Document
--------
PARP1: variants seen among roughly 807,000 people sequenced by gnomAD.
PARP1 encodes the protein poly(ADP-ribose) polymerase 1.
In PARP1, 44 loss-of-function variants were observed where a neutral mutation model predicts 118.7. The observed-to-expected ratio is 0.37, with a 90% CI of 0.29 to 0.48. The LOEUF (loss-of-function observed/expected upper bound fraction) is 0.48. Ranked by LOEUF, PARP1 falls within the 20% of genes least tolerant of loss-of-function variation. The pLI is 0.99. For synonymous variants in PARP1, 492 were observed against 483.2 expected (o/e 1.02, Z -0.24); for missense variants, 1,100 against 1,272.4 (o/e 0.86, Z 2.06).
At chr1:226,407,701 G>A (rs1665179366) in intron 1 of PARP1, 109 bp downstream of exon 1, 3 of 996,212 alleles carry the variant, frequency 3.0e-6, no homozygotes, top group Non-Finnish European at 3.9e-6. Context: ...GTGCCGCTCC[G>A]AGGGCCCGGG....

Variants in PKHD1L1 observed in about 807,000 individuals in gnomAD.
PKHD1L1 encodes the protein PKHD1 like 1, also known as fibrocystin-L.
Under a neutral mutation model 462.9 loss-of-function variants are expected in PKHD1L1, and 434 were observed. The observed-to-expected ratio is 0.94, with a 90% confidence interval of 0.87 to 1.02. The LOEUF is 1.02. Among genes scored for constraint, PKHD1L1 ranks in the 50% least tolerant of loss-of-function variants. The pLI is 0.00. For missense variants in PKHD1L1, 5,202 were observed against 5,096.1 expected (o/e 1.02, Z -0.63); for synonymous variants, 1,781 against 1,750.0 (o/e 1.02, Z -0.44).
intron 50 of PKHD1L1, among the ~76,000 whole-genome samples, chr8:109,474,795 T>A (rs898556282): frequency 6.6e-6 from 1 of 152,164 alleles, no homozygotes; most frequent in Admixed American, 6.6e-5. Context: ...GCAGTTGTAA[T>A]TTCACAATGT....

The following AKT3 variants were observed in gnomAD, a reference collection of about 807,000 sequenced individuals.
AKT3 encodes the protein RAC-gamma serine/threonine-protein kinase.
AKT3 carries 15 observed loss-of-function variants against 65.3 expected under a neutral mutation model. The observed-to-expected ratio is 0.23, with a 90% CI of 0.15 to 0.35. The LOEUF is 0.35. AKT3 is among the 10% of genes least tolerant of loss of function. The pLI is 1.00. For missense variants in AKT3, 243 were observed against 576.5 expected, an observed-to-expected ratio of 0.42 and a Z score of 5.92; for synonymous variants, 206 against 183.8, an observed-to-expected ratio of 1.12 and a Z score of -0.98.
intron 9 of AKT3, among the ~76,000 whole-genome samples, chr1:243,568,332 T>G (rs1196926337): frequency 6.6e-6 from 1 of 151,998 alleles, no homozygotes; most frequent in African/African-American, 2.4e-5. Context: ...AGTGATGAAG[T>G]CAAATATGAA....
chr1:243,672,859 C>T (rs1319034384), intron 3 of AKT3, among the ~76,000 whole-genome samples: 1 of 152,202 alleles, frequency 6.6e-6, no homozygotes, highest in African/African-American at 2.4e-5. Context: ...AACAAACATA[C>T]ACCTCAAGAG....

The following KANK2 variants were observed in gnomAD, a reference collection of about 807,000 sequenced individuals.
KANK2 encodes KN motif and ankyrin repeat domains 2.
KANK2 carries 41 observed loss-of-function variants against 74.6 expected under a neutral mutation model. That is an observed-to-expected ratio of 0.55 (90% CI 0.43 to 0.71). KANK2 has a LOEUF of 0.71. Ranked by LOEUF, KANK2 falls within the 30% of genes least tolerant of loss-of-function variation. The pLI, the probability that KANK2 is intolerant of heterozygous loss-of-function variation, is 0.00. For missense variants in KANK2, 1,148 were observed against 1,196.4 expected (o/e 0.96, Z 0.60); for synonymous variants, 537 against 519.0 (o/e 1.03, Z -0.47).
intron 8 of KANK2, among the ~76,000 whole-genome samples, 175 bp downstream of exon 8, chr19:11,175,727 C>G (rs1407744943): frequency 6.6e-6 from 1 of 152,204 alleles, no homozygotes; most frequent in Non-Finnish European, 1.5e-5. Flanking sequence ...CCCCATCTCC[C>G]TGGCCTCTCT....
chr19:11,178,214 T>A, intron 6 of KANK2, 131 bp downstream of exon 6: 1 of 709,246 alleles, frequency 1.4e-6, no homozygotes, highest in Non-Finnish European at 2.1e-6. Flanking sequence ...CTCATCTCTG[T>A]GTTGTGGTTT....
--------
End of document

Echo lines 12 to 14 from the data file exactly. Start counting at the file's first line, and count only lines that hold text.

intron 9 of AKT3, among the ~76,000 whole-genome samples, chr1:243,568,332 T>G (rs1196926337): frequency 6.6e-6 from 1 of 151,998 alleles, no homozygotes; most frequent in African/African-American, 2.4e-5. Context: ...AGTGATGAAG[T>G]CAAATATGAA....
chr1:243,672,859 C>T (rs1319034384), intron 3 of AKT3, among the ~76,000 whole-genome samples: 1 of 152,202 alleles, frequency 6.6e-6, no homozygotes, highest in African/African-American at 2.4e-5. Context: ...AACAAACATA[C>T]ACCTCAAGAG....

The following KANK2 variants were observed in gnomAD, a reference collection of about 807,000 sequenced individuals.